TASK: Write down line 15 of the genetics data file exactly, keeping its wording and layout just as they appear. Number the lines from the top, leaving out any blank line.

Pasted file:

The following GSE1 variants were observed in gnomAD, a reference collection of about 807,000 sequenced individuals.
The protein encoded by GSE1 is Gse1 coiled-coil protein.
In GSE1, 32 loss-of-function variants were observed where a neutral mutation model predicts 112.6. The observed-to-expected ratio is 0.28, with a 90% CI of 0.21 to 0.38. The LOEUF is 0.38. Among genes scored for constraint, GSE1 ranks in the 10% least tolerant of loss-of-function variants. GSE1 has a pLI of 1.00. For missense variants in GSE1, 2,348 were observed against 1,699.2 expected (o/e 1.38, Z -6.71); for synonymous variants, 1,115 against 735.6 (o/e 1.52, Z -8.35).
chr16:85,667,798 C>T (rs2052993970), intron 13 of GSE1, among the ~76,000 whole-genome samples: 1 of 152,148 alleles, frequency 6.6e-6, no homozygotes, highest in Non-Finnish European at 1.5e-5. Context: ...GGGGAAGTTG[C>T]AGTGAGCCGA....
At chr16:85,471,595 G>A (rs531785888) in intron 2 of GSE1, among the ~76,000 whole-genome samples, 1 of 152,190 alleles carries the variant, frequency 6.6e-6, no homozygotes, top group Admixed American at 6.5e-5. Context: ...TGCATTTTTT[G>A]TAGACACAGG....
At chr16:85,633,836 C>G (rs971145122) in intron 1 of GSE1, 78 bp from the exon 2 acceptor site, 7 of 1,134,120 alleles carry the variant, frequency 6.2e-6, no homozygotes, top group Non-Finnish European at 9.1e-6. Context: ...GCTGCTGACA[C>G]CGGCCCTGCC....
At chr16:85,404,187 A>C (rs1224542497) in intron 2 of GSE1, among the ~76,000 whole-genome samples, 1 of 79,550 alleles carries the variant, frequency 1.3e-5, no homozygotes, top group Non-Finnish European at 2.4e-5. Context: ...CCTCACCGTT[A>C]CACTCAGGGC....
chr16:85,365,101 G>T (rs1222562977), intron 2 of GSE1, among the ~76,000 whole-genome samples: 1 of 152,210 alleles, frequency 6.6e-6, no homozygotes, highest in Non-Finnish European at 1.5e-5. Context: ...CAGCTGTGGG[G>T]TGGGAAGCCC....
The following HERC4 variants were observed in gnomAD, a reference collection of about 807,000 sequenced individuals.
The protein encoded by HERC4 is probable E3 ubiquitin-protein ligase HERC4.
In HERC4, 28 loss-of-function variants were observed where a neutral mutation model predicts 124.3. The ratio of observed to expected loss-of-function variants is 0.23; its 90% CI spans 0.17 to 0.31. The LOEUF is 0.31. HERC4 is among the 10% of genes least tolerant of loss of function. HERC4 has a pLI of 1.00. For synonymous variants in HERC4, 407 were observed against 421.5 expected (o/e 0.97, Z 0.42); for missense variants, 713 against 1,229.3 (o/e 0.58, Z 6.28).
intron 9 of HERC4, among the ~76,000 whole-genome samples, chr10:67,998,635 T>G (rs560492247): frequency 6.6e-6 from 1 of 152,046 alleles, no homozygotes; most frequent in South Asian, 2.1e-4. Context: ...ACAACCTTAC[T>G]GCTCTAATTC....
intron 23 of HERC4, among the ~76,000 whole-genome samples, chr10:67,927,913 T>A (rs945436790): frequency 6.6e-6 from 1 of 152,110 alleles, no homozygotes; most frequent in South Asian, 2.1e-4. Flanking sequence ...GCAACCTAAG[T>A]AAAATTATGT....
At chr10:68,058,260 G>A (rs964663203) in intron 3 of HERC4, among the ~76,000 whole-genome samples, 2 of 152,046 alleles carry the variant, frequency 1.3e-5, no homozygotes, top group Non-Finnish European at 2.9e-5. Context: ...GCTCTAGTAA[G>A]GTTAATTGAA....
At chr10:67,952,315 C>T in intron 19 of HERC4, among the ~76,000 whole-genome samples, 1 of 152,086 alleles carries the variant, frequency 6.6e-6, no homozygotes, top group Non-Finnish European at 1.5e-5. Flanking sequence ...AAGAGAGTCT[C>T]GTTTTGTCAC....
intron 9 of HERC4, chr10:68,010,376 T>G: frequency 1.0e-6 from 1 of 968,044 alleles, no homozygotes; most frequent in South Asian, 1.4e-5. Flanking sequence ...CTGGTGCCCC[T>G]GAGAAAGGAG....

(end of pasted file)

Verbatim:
At chr10:67,952,315 C>T in intron 19 of HERC4, among the ~76,000 whole-genome samples, 1 of 152,086 alleles carries the variant, frequency 6.6e-6, no homozygotes, top group Non-Finnish European at 1.5e-5. Flanking sequence ...AAGAGAGTCT[C>T]GTTTTGTCAC....